In November 2013, Paul Krugman wrote that, “Germany’s failure to adjust magnified the cost of austerity.” Though it “was inevitable that Spain would face lean years as it learned to live within its means,” Krugman argued, “Germany’s immovability was an important contributor to Spain’s pain.”
But Germany rejected this logic. Its current-account surplus was its just reward for hard work. Indeed, according to the German finance ministry, the surplus is “no cause for concern, neither for Germany, nor for the eurozone, or the global economy.” Because no “correction” was needed, it was up to the deficit countries to adjust by tightening their belts.
John Maynard Keynes pointed out the deflationary consequence of this attitude in 1941. Deficit countries with a fixed exchange rate (as is the case in the eurozone) are forced to cut their spending, while surplus countries are under no equivalent pressure to increase theirs. Keynes’s proposed solution to this problem was an international payments system that would force symmetric adjustment on both surplus and deficit countries. Persistent surpluses and deficits would be taxed at an escalating rate. His plan was rejected.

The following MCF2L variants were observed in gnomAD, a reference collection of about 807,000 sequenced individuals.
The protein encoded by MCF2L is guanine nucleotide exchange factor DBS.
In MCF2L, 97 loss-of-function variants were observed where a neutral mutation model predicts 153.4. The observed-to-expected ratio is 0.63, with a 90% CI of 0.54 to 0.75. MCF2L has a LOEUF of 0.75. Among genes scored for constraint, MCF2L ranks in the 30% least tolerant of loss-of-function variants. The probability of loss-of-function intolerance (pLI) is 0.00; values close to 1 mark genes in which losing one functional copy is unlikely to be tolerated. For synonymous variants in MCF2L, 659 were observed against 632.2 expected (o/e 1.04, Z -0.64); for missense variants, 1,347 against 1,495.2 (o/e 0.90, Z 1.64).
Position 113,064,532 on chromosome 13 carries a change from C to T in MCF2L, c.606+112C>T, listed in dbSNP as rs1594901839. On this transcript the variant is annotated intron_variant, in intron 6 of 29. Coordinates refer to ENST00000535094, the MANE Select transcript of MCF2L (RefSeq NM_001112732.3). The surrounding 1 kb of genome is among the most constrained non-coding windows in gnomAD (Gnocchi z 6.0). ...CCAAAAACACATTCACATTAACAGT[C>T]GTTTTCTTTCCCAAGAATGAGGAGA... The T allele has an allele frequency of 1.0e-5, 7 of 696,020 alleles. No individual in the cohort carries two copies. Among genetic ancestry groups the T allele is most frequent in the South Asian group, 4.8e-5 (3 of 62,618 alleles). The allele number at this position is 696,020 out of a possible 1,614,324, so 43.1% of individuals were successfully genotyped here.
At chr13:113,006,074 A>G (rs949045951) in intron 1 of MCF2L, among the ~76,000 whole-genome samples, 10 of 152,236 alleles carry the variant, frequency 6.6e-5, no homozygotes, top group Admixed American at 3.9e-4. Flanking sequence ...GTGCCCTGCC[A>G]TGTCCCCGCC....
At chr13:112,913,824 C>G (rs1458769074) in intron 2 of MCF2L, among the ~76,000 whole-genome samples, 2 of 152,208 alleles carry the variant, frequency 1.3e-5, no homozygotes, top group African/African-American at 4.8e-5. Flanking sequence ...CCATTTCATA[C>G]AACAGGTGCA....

Of course, a creditor country can always help a debtor by investing its surplus there. Germany is willing to do this in principle, but insists that austerity must come first. The problem is that stagnation ruins investment prospects.
China has shown that voluntary adjustment by a surplus country is possible. Until recently, the global imbalances problem was centered on China’s bilateral surplus with the US. China used its excess savings to buy US Treasury bonds, which drove down world interest rates and enabled cheap borrowing, permitting America to run a vast current-account deficit. The main impact of low interest rates, however, was to fuel the housing bubble that burst in 2007, leading directly to the 2008 financial crisis.
Since then, China has made great efforts to reduce its external surplus. At its peak of 10.1% of GDP in 2007, the surplus was larger than Germany’s; by the end of 2013, it had plummeted to 2% of GDP.
Why was China willing to adjust while Germany would not? Perhaps a key difference lies in the fact that Germany has significant political clout over the deficit countries with which it trades. Germany was effectively able to force austerity upon its neighbors.
That raises an important issue regarding the legitimacy of austerity. Its main proponents are creditors, who have much to gain from it (relative to the alternative of raising domestic wages and forgiving debts). Creditor-debtor conflicts have always been the stuff of monetary politics, and the persistence of austerity has set the stage for a new debtors’ revolt.
So we will have to rely on Draghi and quantitative easing to save the euro from Germany. Money will have to fall from the proverbial helicopter before Germany shows any willingness to reduce its surplus.